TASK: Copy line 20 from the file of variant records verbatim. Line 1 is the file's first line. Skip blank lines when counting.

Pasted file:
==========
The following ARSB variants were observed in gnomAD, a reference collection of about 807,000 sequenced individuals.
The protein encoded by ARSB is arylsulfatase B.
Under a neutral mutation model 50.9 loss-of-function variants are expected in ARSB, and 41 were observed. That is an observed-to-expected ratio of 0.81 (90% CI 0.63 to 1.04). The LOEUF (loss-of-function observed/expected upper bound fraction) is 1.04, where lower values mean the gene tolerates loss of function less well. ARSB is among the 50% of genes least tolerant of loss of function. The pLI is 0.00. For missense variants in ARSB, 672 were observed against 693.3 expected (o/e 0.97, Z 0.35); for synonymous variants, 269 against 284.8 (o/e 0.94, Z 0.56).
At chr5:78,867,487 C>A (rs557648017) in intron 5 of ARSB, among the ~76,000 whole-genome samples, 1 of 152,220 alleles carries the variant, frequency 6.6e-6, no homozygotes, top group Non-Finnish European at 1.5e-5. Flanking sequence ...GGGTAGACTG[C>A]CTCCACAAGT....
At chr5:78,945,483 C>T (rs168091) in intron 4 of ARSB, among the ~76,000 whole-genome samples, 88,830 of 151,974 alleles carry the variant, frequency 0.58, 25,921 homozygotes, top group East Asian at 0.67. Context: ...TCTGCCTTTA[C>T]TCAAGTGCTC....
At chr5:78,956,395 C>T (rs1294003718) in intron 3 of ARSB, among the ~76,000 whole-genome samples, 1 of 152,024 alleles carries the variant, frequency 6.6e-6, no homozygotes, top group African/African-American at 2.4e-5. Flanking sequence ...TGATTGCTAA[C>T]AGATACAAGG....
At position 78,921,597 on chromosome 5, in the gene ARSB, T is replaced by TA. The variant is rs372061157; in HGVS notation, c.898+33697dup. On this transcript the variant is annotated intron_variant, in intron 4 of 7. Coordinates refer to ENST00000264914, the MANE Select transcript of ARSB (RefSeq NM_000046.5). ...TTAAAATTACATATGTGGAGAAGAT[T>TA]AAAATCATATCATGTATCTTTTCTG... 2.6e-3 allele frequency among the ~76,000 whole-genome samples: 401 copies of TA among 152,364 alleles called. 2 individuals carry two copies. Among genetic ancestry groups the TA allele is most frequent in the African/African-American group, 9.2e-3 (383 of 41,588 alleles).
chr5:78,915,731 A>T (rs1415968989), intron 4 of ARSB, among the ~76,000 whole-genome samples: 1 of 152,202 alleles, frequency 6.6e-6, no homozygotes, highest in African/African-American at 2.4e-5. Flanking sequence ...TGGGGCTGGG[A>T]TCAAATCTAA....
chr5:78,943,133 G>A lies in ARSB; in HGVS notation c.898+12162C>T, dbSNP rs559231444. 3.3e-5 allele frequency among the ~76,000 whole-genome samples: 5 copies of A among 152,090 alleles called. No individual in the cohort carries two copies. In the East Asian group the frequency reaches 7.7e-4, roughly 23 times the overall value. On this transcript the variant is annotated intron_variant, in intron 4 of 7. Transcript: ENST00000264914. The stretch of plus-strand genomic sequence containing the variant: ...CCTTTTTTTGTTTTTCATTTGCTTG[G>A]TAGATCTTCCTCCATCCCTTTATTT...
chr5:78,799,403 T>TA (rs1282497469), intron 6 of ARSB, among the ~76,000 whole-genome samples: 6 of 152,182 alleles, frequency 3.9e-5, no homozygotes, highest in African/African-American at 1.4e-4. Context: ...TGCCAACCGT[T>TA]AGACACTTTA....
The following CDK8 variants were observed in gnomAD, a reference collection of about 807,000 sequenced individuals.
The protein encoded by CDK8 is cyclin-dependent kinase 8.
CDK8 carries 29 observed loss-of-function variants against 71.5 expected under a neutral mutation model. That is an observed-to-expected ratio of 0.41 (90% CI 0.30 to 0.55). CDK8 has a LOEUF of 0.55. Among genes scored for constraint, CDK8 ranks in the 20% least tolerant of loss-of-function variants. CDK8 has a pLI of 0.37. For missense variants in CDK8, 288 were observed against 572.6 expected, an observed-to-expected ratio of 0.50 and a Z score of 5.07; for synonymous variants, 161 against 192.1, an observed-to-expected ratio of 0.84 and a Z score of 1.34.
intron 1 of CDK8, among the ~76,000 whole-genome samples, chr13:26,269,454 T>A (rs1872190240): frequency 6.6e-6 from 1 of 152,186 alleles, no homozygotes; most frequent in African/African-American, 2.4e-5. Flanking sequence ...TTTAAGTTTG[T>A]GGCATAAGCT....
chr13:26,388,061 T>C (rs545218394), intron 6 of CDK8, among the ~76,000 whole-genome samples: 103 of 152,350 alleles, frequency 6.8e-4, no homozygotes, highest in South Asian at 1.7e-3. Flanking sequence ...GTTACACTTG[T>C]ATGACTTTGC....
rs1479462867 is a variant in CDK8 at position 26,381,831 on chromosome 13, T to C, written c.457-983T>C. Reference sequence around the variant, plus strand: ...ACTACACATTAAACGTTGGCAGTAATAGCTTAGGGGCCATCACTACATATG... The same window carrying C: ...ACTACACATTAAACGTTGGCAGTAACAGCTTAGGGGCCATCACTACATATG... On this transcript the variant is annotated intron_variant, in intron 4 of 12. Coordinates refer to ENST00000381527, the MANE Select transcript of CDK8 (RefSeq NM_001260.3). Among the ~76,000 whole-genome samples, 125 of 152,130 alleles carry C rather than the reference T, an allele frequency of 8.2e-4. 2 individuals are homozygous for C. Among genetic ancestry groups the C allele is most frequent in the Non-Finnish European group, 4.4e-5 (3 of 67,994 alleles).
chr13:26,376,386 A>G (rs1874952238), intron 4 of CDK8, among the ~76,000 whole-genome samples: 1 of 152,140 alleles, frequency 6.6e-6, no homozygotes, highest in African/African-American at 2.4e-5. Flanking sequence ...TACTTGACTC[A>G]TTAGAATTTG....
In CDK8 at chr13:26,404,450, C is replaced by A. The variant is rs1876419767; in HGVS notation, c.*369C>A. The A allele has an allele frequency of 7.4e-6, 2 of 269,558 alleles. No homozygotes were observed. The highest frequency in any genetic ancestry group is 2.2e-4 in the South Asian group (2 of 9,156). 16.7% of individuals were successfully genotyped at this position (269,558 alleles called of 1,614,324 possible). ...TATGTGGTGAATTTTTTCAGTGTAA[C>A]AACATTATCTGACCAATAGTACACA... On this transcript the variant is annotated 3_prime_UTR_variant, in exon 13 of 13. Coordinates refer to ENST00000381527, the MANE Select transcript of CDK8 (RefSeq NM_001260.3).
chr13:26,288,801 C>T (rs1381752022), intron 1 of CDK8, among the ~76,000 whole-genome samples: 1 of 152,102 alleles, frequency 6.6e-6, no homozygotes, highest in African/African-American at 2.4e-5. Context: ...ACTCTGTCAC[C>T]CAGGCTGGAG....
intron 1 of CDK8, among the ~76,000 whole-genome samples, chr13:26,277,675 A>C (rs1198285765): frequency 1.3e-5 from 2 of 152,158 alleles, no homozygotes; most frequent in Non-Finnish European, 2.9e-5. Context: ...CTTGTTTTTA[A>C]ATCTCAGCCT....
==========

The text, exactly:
intron 1 of CDK8, among the ~76,000 whole-genome samples, chr13:26,277,675 A>C (rs1198285765): frequency 1.3e-5 from 2 of 152,158 alleles, no homozygotes; most frequent in Non-Finnish European, 2.9e-5. Context: ...CTTGTTTTTA[A>C]ATCTCAGCCT....